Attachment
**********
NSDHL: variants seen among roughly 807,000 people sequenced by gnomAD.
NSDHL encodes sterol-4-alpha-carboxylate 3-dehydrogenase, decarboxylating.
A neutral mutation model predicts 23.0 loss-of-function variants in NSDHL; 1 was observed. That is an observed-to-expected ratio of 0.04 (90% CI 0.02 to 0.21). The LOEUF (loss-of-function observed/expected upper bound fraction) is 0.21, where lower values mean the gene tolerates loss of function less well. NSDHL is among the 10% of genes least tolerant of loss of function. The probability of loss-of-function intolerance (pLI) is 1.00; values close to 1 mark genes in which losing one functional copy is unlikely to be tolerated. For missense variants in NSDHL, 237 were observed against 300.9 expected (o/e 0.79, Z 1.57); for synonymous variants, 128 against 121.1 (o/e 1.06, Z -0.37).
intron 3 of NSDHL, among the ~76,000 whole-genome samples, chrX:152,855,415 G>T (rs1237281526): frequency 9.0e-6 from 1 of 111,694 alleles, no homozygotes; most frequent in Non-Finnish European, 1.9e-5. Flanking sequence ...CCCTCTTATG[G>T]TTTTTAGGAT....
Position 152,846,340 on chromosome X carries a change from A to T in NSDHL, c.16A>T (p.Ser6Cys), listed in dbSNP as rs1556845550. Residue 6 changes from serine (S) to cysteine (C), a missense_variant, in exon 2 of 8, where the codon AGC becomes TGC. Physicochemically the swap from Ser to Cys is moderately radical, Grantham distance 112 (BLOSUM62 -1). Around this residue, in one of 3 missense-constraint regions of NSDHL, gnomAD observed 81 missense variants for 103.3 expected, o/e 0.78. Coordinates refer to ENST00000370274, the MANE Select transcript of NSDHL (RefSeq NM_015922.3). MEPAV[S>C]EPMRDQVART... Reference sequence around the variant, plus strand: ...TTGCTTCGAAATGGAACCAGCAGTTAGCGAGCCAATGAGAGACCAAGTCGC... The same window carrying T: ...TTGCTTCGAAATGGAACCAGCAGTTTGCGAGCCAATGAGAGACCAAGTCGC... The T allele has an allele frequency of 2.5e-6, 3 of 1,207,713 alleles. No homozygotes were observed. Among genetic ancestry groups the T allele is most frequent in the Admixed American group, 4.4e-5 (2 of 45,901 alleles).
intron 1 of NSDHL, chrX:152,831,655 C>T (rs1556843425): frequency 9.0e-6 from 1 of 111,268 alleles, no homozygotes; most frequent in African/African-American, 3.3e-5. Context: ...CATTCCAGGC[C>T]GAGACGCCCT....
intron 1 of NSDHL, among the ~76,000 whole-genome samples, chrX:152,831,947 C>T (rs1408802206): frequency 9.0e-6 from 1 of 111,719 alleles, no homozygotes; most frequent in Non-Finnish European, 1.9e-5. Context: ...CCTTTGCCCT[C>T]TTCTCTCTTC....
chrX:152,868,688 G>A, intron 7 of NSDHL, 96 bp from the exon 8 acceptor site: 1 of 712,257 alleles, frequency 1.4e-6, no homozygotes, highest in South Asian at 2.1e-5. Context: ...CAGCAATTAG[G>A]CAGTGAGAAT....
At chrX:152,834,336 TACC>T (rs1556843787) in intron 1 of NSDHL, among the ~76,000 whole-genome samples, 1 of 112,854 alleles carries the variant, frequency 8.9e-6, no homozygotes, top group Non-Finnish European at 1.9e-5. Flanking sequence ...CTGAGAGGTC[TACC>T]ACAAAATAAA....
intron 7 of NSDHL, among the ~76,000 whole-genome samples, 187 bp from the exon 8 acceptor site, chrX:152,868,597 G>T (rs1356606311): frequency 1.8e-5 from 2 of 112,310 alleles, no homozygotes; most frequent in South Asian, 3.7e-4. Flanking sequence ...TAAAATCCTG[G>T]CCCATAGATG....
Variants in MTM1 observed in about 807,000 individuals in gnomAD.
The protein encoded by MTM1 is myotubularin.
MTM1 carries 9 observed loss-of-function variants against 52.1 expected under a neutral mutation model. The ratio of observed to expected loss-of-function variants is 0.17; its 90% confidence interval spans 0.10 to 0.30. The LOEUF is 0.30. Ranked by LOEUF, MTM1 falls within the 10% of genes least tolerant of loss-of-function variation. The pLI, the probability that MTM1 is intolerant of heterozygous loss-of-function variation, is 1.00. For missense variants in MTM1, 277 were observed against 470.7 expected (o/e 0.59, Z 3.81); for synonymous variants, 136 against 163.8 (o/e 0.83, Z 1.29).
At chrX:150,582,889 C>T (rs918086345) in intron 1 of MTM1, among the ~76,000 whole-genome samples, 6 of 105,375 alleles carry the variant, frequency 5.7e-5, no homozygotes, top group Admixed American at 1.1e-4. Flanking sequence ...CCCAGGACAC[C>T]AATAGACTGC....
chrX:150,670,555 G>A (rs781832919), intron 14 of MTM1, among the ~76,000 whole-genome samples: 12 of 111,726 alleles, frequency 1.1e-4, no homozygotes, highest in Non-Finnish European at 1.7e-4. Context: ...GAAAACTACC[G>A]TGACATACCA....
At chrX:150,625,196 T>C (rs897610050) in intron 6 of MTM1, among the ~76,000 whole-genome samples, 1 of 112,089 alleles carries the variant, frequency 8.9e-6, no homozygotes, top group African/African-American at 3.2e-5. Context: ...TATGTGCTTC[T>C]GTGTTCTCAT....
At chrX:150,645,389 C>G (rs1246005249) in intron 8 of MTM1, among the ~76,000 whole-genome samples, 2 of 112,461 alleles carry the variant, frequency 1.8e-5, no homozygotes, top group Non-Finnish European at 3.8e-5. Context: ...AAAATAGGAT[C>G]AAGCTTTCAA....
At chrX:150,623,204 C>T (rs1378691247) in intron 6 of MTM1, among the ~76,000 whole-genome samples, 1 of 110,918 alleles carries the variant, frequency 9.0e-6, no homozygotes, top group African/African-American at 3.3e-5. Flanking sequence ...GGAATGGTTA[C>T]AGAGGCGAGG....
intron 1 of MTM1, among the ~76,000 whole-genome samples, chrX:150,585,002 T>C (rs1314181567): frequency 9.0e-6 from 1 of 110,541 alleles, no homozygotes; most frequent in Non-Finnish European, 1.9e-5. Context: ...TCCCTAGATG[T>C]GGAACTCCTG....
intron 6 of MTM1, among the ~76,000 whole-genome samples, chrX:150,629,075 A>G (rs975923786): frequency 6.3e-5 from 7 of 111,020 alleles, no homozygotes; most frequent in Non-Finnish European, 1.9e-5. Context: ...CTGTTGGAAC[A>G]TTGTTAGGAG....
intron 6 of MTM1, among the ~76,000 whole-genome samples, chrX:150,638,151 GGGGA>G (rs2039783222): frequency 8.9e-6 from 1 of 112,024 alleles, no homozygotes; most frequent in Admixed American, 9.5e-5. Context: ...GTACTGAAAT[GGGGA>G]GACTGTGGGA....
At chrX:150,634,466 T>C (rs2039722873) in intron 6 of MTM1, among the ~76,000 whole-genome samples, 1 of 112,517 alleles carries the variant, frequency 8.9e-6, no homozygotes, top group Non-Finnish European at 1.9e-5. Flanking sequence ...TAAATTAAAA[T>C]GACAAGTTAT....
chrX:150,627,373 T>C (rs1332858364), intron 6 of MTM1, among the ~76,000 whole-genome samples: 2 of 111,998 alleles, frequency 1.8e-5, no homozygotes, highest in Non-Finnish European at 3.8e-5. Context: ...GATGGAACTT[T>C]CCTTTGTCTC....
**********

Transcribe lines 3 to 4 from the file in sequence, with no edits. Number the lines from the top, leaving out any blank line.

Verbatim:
A neutral mutation model predicts 23.0 loss-of-function variants in NSDHL; 1 was observed. That is an observed-to-expected ratio of 0.04 (90% CI 0.02 to 0.21). The LOEUF (loss-of-function observed/expected upper bound fraction) is 0.21, where lower values mean the gene tolerates loss of function less well. NSDHL is among the 10% of genes least tolerant of loss of function. The probability of loss-of-function intolerance (pLI) is 1.00; values close to 1 mark genes in which losing one functional copy is unlikely to be tolerated. For missense variants in NSDHL, 237 were observed against 300.9 expected (o/e 0.79, Z 1.57); for synonymous variants, 128 against 121.1 (o/e 1.06, Z -0.37).
intron 3 of NSDHL, among the ~76,000 whole-genome samples, chrX:152,855,415 G>T (rs1237281526): frequency 9.0e-6 from 1 of 111,694 alleles, no homozygotes; most frequent in Non-Finnish European, 1.9e-5. Flanking sequence ...CCCTCTTATG[G>T]TTTTTAGGAT....